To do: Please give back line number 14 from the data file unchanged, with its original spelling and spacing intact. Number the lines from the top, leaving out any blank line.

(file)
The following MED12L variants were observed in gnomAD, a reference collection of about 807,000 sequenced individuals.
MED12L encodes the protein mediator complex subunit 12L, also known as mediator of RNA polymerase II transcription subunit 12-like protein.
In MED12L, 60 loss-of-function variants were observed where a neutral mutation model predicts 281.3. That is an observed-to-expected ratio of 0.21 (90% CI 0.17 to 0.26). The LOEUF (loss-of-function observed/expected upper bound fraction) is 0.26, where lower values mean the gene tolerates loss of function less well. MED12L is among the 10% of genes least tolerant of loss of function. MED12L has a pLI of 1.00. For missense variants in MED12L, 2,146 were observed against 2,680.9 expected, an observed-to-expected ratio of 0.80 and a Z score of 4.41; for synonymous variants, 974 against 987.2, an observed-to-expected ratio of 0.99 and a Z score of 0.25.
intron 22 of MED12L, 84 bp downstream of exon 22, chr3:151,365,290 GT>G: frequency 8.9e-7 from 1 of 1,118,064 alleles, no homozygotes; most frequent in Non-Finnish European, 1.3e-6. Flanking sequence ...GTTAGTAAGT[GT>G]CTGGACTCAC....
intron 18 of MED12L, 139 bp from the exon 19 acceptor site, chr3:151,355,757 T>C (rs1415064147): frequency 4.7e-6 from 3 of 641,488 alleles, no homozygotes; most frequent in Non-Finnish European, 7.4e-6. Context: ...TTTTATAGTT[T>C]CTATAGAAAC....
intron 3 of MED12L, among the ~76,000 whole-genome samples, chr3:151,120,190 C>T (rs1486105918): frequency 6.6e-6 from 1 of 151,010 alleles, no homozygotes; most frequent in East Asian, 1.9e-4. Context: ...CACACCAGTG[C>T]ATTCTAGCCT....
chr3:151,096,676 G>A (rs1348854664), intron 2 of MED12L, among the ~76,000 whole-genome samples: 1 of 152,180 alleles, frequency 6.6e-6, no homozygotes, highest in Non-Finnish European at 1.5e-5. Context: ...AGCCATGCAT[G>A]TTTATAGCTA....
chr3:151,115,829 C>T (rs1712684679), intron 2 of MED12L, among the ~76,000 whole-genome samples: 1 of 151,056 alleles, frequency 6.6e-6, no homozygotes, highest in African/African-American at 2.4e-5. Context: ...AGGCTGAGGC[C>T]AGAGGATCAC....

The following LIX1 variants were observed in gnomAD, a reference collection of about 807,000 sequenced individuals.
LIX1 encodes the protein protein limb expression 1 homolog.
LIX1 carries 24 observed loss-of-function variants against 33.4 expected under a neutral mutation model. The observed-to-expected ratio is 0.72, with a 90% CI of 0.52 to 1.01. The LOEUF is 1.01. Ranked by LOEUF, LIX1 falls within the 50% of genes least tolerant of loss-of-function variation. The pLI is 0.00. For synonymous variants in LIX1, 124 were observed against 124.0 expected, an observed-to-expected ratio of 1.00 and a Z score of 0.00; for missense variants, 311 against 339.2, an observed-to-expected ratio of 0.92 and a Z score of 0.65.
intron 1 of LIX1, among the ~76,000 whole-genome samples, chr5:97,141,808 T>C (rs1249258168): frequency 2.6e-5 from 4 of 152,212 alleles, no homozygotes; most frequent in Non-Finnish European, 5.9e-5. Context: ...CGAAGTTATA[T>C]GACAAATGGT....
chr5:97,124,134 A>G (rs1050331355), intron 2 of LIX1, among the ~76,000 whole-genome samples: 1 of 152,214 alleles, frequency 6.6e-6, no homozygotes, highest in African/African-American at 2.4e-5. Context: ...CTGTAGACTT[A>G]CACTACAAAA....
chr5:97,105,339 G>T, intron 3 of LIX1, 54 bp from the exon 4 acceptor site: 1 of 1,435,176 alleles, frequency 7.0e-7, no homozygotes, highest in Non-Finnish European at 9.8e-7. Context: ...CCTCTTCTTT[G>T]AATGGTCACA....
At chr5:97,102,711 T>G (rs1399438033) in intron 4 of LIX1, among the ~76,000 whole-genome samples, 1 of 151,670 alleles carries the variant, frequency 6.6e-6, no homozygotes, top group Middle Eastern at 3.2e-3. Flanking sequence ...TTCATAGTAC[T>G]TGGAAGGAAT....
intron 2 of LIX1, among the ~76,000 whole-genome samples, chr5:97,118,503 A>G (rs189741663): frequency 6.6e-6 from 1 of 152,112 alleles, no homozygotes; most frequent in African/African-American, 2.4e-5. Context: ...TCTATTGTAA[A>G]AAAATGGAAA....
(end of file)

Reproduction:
chr5:97,105,339 G>T, intron 3 of LIX1, 54 bp from the exon 4 acceptor site: 1 of 1,435,176 alleles, frequency 7.0e-7, no homozygotes, highest in Non-Finnish European at 9.8e-7. Context: ...CCTCTTCTTT[G>T]AATGGTCACA....